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4/4/99 - And They're Off!!!! - Photo of Group.



YOUNG AT HEART CYCLISTS DEPART BALBOA PIER FOR 3110 MILE TRANS-AMERICA RIDE
By Christina Melnarik

Kathleen and the other nineteen riders in the Young at Heart group settled into their beds last night with a bit of trepidation. An almost violent sandstorm was shaking the Pacific Coast, whipping palm trees and streetlights into a frenzied nighttime dance. Many of the riders walked to and from dinner bending into cold gusting winds that tossed sand at windows and rattled store awnings. At least, they said, it's a tailwind! The weather channel wasn't much comfort, warning of strong winds and scattered showers for the coming week.

The storm volume had risen continuously over the course of the introductory talk given earlier in the evening by Al Galletly, the tour leader. Riders looked nervously out the window at the waning light and growing roar of wind through the trees. The slap of palm fronds sounded like rain and it seemed that at any minute the clouds would open and release a drenching shower.

Despite the storm noise, most riders slept well and awoke Easter Sunday to an unexpectedly glorious morning. A clear sky glowed with soft light. The air was still and cool, becoming increasingly balmy as the morning sun warmed the beach and ocean. Riders shed jackets and long-sleeved shirts transferring rain gear to their luggage and grabbing sunglasses. It seemed impossible that the morning could be so lovely after the chilly gusts of the night before.

Despite having to "spring forward" to daylight savings time, the group gathered right on time for a continental breakfast. After checking out of their rooms and loading gear into the SAG vans, the riders got ready for departure. The group swelled with friends and family during the early morning. Kathleen's eldest daughter, Kitty, arrived with husband Jaime and their two adorable boys, Jessie and Parker. Each set of grandchildren has a different name for Kathleen. Jessie and Parker call her "Ta-Ta," Cody and Graham call her "Clip-Clop" and Paul David and Juliana use the more traditional "Grandma." The boys were happy to see their Ta-Ta off and she was glad to return their precious hugs and kisses. Dad and I (daughter number two) were also there to witness this triumphant moment of beginning.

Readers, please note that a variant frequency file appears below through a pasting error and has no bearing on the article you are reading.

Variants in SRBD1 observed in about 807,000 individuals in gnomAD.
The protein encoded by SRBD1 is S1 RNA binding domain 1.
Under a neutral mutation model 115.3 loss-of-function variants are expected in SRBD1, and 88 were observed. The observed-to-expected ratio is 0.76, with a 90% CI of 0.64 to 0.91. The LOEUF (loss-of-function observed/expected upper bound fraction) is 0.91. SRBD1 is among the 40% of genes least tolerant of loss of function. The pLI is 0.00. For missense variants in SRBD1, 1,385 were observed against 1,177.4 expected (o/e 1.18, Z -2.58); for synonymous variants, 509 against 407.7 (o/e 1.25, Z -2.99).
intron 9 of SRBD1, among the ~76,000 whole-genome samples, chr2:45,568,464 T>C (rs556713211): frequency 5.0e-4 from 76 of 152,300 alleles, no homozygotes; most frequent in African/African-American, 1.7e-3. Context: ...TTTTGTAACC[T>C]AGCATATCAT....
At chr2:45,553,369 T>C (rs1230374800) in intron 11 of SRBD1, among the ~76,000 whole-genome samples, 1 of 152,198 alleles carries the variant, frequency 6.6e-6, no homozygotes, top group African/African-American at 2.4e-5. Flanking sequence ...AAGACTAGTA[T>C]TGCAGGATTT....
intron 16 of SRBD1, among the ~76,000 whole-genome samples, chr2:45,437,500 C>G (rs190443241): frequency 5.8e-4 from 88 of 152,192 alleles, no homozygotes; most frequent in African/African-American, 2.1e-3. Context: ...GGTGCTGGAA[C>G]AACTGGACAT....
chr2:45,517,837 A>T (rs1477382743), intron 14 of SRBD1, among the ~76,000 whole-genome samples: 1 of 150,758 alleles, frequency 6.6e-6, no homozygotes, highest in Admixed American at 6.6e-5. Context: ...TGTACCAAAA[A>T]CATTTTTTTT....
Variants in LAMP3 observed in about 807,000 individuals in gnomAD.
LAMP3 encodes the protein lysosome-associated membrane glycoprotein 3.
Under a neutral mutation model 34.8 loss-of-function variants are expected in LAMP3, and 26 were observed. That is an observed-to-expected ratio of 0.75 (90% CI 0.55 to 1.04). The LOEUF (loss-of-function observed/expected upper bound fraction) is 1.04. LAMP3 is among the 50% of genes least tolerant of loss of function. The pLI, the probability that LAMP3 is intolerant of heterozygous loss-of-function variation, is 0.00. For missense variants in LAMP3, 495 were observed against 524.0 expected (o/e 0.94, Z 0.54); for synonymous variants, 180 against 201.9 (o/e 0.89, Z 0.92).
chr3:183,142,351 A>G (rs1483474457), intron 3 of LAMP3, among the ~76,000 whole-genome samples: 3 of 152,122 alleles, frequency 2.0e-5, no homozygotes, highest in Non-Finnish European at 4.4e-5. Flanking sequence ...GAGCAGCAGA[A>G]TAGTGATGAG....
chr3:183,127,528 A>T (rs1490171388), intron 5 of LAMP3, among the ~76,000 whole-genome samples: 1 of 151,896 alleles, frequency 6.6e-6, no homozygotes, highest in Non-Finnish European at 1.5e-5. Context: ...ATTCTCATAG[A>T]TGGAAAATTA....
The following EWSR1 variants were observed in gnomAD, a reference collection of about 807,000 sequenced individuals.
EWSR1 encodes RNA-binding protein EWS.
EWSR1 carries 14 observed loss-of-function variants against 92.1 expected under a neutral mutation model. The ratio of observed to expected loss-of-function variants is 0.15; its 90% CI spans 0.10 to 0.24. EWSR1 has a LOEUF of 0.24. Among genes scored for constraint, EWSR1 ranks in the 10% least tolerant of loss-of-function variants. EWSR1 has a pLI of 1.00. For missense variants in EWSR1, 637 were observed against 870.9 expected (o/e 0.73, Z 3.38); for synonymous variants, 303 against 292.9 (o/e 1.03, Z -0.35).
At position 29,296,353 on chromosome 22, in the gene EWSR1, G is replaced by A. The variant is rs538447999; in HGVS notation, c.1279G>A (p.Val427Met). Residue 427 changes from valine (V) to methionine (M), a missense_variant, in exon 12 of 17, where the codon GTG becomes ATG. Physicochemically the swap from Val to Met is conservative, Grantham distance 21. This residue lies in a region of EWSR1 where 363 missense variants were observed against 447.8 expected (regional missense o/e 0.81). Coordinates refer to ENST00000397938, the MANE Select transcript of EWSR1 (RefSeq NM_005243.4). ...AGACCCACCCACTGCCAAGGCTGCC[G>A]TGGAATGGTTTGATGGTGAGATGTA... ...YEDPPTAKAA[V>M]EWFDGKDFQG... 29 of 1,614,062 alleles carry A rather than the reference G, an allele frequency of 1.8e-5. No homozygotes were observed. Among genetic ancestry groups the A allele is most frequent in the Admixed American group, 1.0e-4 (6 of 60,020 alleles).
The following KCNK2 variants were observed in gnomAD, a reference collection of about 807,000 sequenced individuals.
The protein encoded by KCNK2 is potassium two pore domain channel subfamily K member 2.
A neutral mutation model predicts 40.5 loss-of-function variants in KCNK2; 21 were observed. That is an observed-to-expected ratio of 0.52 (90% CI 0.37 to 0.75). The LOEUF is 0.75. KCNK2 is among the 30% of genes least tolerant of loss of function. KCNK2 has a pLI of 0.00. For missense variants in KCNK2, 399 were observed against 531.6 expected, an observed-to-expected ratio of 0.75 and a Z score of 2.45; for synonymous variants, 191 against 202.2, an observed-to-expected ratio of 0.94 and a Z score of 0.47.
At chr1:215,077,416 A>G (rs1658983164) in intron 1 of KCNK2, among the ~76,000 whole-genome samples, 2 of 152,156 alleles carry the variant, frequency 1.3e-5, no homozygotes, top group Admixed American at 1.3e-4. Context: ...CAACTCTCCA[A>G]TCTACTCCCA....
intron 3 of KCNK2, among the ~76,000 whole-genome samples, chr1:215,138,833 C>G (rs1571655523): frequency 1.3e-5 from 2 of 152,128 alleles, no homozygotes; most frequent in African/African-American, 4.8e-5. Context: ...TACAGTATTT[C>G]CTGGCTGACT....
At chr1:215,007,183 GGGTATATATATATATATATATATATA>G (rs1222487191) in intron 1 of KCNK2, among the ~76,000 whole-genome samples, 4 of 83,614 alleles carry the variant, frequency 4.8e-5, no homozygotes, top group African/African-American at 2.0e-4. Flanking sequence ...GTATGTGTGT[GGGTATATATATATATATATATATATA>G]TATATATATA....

Al had hired a friendly professional photographer to record the departure and he skillfully mingled among the riders capturing family groups and excited faces. As is customary on cross-country rides, the riders walked across the beach to dip their bicycle tires into the Pacific Ocean. All tire dips were duly recorded on film and the riders headed up onto Balboa Pier for a group photo or two… or possibly fifty! Displaying the kind of patience they will need over the next few months, the riders acquiesced to the many requests for a smile, then a wave, then please move closer together, no CLOSER together, now if you could just switch sides we can take just this last shot!

Suddenly it was time to get riding. As the official start of the ride, the end of Balboa pier sits some 100 yards offshore. One by one the riders saddled up, exchanging hugs, kisses, and not a few tears with family and friends. They pedaled the length of the pier heading east toward the Pacific Coast Highway where they turned south toward San Diego, starting their first 50 miles of the 3110 mile trip.

As we drove home today, Dad and I reflected on Mom's journey. We were both impressed with the organization of the tour and the friendly, competent, safety-conscious attitude of the leaders. Mom seems to be in good hands. The other nineteen riders are a lively and experienced bunch brimming with good humor. Easy going and interesting, they are the perfect companions for a two-month trek across America.

It wasn't easy to say goodbye and watch Mom pedal off without us. As she cycled off the pier and onto the road, she waved one last time. I started jogging toward her thinking I could catch up for one more hug or one more photo, but she was too far ahead. I could only watch her turn the corner and cycle out of sight. Three thousand miles seems so very far. I want to be there to help and support her, to protect her from any trouble. I understand now how hard it must have been for her to watch me leave on my solo hike of the John Muir Trail. But she let me go, sending her prayers along with me. And I too, have to let her go, knowing that she must take this trip herself. So we all send our prayers and hopes and love out toward her as she journeys down the road and across the country. Have fun, Mom! We love you.


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